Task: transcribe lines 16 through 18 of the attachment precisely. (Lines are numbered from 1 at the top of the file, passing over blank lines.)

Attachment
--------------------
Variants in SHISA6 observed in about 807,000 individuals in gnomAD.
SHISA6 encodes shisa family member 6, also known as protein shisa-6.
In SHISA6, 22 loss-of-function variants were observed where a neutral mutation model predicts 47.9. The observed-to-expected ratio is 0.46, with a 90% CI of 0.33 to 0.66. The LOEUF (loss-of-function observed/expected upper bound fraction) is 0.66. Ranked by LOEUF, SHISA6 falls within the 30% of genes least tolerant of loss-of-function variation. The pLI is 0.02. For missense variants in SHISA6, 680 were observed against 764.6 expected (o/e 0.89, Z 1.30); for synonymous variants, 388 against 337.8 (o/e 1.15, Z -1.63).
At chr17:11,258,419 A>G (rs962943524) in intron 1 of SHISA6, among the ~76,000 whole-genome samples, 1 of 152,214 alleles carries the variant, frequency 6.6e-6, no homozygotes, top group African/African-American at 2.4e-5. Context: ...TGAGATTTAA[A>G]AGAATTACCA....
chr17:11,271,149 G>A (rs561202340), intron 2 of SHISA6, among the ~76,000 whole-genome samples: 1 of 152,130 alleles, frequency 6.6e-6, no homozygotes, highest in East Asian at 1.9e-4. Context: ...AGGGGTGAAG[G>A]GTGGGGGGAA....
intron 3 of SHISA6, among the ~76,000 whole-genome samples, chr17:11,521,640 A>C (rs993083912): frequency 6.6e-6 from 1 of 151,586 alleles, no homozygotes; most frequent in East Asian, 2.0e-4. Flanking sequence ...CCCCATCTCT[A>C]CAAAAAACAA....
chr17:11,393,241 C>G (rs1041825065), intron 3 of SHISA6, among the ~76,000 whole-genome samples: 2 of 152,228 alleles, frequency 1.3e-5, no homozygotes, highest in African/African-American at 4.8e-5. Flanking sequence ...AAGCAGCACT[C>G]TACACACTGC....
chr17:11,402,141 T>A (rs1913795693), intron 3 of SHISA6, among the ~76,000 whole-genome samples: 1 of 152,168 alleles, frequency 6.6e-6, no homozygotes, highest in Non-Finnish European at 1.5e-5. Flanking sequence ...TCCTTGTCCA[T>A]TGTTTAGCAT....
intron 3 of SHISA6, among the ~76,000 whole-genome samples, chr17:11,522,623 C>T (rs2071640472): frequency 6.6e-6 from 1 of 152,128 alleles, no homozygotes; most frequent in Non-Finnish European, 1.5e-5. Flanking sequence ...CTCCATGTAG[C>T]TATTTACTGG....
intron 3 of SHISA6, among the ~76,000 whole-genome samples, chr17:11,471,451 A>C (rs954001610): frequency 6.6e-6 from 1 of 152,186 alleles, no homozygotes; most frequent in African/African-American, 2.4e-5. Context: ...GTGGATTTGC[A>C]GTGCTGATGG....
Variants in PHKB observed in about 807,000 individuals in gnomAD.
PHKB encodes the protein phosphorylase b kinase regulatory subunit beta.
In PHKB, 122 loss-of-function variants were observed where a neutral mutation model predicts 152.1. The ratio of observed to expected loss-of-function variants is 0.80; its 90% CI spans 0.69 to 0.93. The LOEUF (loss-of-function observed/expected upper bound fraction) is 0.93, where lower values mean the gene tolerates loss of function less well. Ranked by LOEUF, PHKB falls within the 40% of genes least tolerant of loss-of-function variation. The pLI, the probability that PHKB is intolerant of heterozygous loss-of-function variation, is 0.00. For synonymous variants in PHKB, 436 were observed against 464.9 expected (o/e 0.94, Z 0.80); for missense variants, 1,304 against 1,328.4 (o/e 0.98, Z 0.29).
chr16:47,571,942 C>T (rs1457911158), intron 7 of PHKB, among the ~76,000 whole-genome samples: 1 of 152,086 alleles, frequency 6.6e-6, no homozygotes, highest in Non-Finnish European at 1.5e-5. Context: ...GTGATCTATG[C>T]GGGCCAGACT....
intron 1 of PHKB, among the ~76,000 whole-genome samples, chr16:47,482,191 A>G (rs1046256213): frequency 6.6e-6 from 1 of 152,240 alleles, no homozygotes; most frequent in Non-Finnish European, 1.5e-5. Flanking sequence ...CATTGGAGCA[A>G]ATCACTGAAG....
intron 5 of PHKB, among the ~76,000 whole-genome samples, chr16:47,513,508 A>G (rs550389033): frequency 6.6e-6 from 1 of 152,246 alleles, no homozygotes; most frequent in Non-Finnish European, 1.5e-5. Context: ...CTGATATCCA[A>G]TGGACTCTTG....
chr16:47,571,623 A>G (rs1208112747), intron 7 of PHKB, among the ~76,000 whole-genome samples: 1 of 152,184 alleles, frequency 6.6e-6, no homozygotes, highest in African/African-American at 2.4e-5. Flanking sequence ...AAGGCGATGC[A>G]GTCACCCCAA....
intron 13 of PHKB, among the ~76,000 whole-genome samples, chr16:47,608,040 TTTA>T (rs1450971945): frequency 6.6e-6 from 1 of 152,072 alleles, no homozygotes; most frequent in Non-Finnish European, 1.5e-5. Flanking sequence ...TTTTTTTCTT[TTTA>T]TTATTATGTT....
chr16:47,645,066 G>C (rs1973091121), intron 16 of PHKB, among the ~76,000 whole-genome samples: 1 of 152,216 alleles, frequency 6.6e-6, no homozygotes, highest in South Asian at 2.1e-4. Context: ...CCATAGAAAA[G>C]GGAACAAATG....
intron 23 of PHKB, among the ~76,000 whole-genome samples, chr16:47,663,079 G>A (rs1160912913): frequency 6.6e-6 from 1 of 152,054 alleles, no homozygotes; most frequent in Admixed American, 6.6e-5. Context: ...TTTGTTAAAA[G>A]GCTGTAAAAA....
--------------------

intron 5 of PHKB, among the ~76,000 whole-genome samples, chr16:47,513,508 A>G (rs550389033): frequency 6.6e-6 from 1 of 152,246 alleles, no homozygotes; most frequent in Non-Finnish European, 1.5e-5. Context: ...CTGATATCCA[A>G]TGGACTCTTG....
chr16:47,571,623 A>G (rs1208112747), intron 7 of PHKB, among the ~76,000 whole-genome samples: 1 of 152,184 alleles, frequency 6.6e-6, no homozygotes, highest in African/African-American at 2.4e-5. Flanking sequence ...AAGGCGATGC[A>G]GTCACCCCAA....
intron 13 of PHKB, among the ~76,000 whole-genome samples, chr16:47,608,040 TTTA>T (rs1450971945): frequency 6.6e-6 from 1 of 152,072 alleles, no homozygotes; most frequent in Non-Finnish European, 1.5e-5. Flanking sequence ...TTTTTTTCTT[TTTA>T]TTATTATGTT....